Protein is the primary nutrient that’s involved in muscle recovery and growth.
And without adequate protein intake, you’re simply not going to see optimal results. Most people following
a standard bodybuilding program are generally going to be taking in around or at least 1gram of protein per pound of body weight every day in the form of staple fitness foods like chicken, and fish, and red meat, and whey protein, et cetera.
And a common concern from some of these lifters is the possible negative effects of a high protein diet on their overall health.
The idea that high protein diets are unsafe and unhealthy has been passed around for a really long time in the media, in the magazines and in articles from other so called “Health gurus”.
And they’ll usually quote potential side effects like kidney damage, liver damage, dehydration, et cetera.
You know, I’m not sure where these myths started or why they’re so widely believed.
But the truth is that there is currently no published evidence to date that demonstrates a positive link between a high protein diet in any of the previously mentioned negative health effects in otherwise healthy individuals. Not only is there no reliable evidence to date showing a link between a high protein diet and negative
effects on metabolism.
But there are actually several studies that directly show high protein diets to be perfectly safe.
There was a comprehensive study done at the University of Brussels, and that study involved 20 bodybuilders
and 18 other athletes who consumed roughly
2grams of protein per kilogram of bodyweight, which is nearly twice that of the recommended daily intake for protein.
The diets were analyzed in detail to monitor albumin excretion rate, creatinine levels, uric acid clearance, calcium
balance and kidney function.
And on top of this, the researchers also examined kidney function both before and after an intense cycling session. Kidney function is temporarily impaired during exercise.
And the researchers wanted to find out if the high protein diet would cause any additional effects.
So, what were the results of that study? No excessive accumulation of urea was found.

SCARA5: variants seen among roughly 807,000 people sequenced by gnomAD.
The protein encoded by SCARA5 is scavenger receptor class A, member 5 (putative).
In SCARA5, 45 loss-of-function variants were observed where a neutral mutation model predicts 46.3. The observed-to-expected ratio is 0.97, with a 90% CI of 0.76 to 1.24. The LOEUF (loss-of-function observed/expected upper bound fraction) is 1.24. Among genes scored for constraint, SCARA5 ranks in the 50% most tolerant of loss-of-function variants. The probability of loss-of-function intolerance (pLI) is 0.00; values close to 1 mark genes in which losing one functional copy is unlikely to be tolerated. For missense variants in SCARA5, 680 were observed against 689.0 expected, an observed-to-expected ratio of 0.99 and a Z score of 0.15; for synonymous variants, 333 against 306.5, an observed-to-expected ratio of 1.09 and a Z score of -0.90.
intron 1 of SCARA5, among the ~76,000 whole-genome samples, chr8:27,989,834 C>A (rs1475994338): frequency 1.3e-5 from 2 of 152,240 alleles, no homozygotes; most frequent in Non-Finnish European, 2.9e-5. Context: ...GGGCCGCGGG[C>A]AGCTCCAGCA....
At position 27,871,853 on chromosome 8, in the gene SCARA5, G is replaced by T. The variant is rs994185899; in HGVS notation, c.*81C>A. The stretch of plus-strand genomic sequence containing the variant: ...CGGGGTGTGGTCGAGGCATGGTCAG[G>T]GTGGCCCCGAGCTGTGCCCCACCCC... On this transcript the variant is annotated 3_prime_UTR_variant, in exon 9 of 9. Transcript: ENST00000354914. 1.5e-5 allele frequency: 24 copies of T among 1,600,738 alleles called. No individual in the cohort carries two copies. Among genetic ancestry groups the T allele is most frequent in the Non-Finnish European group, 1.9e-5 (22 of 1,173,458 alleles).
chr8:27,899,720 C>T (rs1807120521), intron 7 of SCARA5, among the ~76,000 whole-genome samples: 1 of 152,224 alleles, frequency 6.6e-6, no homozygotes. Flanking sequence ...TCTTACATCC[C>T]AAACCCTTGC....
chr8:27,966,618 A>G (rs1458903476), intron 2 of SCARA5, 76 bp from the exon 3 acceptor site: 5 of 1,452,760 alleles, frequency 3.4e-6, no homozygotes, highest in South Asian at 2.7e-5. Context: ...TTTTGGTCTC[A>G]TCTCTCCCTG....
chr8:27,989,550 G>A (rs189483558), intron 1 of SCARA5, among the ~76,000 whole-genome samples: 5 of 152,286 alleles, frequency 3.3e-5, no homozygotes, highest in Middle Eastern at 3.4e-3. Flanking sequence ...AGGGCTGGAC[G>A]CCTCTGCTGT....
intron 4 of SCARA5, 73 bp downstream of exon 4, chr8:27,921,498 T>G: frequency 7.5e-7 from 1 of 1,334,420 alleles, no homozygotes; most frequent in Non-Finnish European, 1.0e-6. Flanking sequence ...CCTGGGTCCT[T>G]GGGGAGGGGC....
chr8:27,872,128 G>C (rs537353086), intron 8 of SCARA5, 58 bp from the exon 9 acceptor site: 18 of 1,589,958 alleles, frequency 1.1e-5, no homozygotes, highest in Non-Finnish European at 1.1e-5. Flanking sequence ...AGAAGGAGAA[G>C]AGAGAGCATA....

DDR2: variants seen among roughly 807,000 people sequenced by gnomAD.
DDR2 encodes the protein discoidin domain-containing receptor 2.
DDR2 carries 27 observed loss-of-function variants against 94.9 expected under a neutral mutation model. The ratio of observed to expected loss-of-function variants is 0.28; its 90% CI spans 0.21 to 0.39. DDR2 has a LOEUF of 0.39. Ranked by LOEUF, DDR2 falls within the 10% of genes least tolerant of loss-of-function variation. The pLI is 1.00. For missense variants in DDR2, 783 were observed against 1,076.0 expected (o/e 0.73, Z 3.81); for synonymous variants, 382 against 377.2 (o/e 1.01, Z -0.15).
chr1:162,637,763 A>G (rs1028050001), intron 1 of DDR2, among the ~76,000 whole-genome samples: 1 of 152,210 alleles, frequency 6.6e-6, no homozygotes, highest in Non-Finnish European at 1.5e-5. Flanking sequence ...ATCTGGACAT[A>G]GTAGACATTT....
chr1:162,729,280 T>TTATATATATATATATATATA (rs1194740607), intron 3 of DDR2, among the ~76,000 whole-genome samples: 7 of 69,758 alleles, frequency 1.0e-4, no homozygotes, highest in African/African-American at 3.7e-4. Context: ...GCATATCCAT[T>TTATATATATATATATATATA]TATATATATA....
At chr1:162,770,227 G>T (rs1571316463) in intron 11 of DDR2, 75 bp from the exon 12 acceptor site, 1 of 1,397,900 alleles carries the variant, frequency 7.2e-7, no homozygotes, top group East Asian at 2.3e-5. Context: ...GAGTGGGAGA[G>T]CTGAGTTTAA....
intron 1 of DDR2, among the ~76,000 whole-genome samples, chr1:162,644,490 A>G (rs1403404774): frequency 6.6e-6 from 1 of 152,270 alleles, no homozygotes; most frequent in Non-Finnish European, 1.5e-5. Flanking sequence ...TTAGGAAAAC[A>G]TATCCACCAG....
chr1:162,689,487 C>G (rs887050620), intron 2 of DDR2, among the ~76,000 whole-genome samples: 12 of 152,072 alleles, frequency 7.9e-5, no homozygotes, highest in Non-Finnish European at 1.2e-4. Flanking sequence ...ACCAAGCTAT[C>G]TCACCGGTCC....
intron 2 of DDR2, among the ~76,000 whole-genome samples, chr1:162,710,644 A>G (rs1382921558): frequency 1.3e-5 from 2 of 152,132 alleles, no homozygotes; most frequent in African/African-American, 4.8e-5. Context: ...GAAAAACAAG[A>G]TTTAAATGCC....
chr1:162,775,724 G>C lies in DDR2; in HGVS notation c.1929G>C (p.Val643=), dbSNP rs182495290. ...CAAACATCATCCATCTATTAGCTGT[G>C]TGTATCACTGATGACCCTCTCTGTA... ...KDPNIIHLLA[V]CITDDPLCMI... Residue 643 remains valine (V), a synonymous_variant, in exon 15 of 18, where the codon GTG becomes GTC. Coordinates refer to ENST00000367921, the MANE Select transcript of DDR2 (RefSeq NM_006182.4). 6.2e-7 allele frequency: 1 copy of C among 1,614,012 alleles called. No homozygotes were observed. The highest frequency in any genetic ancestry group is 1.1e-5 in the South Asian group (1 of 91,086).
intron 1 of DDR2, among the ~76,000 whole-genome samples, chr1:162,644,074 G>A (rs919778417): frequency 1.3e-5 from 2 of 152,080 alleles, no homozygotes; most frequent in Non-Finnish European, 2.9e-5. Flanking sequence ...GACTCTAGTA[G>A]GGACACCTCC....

So, there were no toxic effects from the high protein diet.
Albumin clearance rates were normal, which showed that the diets had no adverse effects on the kidneys.
And the combination of intense exercise and high protein showed no additional impairment of the kidneys before,
during or after the cycling session.
Calcium levels were also not affected.
In fact, it was actually shown that an even higher level of calcium was absorbed on the high protein diet.
The underlying conclusion of the researchers was that a high protein intake of 170% to 243% of the recommended daily intake showed no toxicity, no dehydration, no calcium loss and no impairment on kidney function.
And some of the athletes in that study were even consuming as much as 2.8grams of protein per kilogram of bodyweight.
And there was no difference between those athletes and the ones who were consuming the lower amounts.
So, you can’t believe everything you hear on TV or what the latest guru has to say.
Consuming adequate amounts of protein each day is very important for your bottom line muscle gains.
And at this point, I see no reason at all to deviate from a high protein intake.
In fact, there’s plenty of evidence to suggest that higher protein diets are directly beneficial in a variety of ways, such as improving cholesterol profiles, controlling appetite, preserving lean muscle obviously, building lean muscle
obviously, thermogenesis and overall fat loss.
Now, if you have a pre-existing health condition, then that’s obviously a different case.
And you should talk to your doctor first. But if you’re otherwise healthy, I don’t see any reason to be concerned with consuming a high protein diet, as simple as that.
So, I hope you found this article lesson useful.